book banner for conventionsThe cons themselves can be expensive. Driving, hotels, fuel, the table, food, etc. There’s not much I can tell you there beyond plan accordingly. Personally, I treat my book business like a business. I only hit the conventions I can afford, on the budget I have. That budget is entirely dependent on how many books (eBook or otherwise) I’ve sold, or odd writing jobs I’ve taken on the side. I have an article here about diversifying your abilities, if you’re interested. Regardless, always remember your budget, whatever it is. This year I am attending 4-6 comic conventions, all within a few hours of me. Why? Because I can either drive home between days, or I know people in those locations who I can stay with. As I make more money, I’ll travel further. Keeping the cost down lessens the cost to me (I know, duh), but it also lessens the risk I’m taking with new conventions. Maybe I won’t break even that weekend. Maybe I’ll lose my pants and wish I hadn’t done it. The less I spend, the less it hurts. With that in mind, I give you the last bit of info I can offer – what not to buy.

Every article I have ever seen promotes freebies. Bookmarks, buttons, stickers, ninja stars, hot pockets – weird, pointless stuff. I’ve tried the bookmark and button thing when I started out, and I’ve watched others do it. You know what? A smile, a good attitude, and a solid pitch is all you need. Getting someone to come to your table by offering them a bookmark works, but it doesn’t sell the book. You know what else gets their attention? Talking to them.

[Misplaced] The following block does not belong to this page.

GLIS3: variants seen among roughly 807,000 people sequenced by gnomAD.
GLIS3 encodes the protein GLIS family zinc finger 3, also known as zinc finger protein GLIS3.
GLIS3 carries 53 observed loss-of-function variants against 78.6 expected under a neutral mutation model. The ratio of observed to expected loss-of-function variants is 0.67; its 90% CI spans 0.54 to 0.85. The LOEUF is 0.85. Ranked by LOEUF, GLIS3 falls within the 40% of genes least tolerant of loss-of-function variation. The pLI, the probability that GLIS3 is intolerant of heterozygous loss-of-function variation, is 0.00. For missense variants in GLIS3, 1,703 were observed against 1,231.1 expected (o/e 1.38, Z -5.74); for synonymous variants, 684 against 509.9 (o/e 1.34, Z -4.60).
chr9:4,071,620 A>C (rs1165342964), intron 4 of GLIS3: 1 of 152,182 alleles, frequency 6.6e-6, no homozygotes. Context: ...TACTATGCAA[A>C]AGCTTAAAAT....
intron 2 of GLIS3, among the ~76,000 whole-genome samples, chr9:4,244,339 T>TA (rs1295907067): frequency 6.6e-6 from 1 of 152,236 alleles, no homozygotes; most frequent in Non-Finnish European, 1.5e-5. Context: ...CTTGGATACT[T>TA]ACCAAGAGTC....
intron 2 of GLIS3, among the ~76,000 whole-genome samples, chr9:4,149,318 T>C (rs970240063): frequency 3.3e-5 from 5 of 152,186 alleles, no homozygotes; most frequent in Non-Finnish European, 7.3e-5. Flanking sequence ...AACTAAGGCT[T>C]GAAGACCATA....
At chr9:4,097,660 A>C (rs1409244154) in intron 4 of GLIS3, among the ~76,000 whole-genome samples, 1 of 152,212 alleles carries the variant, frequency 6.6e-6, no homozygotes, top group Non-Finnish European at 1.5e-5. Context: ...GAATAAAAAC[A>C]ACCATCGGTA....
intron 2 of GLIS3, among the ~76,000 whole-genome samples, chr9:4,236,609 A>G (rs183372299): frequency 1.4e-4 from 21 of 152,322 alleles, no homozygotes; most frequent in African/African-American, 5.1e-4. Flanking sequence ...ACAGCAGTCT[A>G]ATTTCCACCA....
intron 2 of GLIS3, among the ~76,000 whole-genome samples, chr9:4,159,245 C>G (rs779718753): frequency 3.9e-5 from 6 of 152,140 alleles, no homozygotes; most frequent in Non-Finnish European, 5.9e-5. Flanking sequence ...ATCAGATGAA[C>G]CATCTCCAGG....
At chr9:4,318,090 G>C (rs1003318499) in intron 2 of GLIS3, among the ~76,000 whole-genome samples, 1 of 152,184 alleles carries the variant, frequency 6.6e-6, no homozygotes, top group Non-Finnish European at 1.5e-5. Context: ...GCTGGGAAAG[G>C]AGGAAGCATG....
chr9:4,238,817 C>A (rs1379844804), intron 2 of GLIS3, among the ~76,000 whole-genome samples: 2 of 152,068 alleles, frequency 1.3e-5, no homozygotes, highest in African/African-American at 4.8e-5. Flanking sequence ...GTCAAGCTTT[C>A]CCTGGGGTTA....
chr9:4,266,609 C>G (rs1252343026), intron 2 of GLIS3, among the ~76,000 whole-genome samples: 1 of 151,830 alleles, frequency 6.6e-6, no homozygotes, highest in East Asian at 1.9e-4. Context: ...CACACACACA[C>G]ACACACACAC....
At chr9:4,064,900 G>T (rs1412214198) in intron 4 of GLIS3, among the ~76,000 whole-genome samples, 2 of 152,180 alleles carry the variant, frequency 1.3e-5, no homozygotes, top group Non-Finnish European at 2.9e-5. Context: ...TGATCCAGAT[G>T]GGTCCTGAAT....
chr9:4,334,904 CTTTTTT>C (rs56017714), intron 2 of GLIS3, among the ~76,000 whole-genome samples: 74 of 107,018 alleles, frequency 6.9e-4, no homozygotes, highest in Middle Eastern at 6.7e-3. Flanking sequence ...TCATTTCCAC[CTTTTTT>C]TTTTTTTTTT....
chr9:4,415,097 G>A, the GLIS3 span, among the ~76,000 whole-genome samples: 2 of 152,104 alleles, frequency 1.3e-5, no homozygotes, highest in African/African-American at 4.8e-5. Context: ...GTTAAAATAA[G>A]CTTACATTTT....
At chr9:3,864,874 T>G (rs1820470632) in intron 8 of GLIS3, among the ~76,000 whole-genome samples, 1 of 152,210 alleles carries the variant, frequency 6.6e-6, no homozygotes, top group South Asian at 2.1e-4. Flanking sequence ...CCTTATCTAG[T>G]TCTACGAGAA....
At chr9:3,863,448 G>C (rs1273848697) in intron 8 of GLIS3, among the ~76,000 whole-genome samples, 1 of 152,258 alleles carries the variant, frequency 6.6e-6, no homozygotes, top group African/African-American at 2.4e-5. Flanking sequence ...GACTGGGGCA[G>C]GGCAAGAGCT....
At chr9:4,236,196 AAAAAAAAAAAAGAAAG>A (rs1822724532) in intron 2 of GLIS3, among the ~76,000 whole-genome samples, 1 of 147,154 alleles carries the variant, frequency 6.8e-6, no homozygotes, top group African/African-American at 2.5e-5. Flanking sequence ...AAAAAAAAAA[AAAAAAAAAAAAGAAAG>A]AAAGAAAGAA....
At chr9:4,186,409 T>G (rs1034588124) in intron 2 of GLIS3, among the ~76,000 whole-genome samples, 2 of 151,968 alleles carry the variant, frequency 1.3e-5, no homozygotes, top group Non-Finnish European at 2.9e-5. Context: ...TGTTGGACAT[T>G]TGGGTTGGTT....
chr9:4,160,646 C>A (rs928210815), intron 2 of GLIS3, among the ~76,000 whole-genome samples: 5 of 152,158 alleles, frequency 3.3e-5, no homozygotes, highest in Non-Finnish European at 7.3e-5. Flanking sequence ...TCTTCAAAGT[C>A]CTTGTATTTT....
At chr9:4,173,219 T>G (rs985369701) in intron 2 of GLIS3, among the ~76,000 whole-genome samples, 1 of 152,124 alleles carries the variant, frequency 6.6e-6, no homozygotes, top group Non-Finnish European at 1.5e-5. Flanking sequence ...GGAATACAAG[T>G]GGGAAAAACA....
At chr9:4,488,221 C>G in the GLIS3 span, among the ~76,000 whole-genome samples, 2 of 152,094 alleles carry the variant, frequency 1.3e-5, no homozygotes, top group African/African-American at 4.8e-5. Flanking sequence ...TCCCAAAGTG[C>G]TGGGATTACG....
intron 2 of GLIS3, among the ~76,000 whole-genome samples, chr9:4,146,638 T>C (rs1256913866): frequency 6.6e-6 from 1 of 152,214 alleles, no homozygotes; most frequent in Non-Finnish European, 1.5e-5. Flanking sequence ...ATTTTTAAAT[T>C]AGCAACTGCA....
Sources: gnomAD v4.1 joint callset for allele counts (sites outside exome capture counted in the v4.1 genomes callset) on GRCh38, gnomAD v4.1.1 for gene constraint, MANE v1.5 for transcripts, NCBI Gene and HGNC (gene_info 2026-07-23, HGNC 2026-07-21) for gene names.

I look at two things when someone walks towards my table: their badge and their eyes. The badge is important because most cons will have different ones for different people. All weekend passes look different from single-day ones. Most weekend people buy at the end of the weekend, single day is at the moment. Know your audience, know when to push hard, and know when to push enough to get them to come back the next day. Carpe diem, unless they are a weekend person.

Their eyes are how I figure out who to turn the fake charm on. Trust me, it’s all an act. My face hurts like hell at the end of the day from smiling so much. Be you, do you, just do it happier than usual, and don’t let the nitwits get to you – they happen from time to time. I watch their eyes for what they look at. The passersby are obvious, they look quickly and pretty much at nothing. But if I see a double take, or a long look (a second or two), that’s when I say something.

“Okay, you’ve looked too long, now you have to buy.”
(Present the book they are looking at like a hand model)

“Come on, you know you want it.”

Or, whatever works for you. Get them laughing. It breaks the ice and makes it easier for you and for them. Trust me, I am not a talker when it comes to new people. I would rather get to know you and your boundaries before I bring out the crazy. But, this is a con, and I needs to make that cheddar. So, for a few days, I put me aside and do what must be done, and I do it cheaply.

Oh and as for food: Bring your own. Con food is like mall food that costs three times more and gives you half as much.

Author: Nicholas Forristal

Nicholas Forristal is the author of nine books, including "The Chronicles of M," an ever growing series of fantasy books that range from historical fiction to modern day wackiness. Learn more about Nicholas and his writing from his websiteand his Author Central page.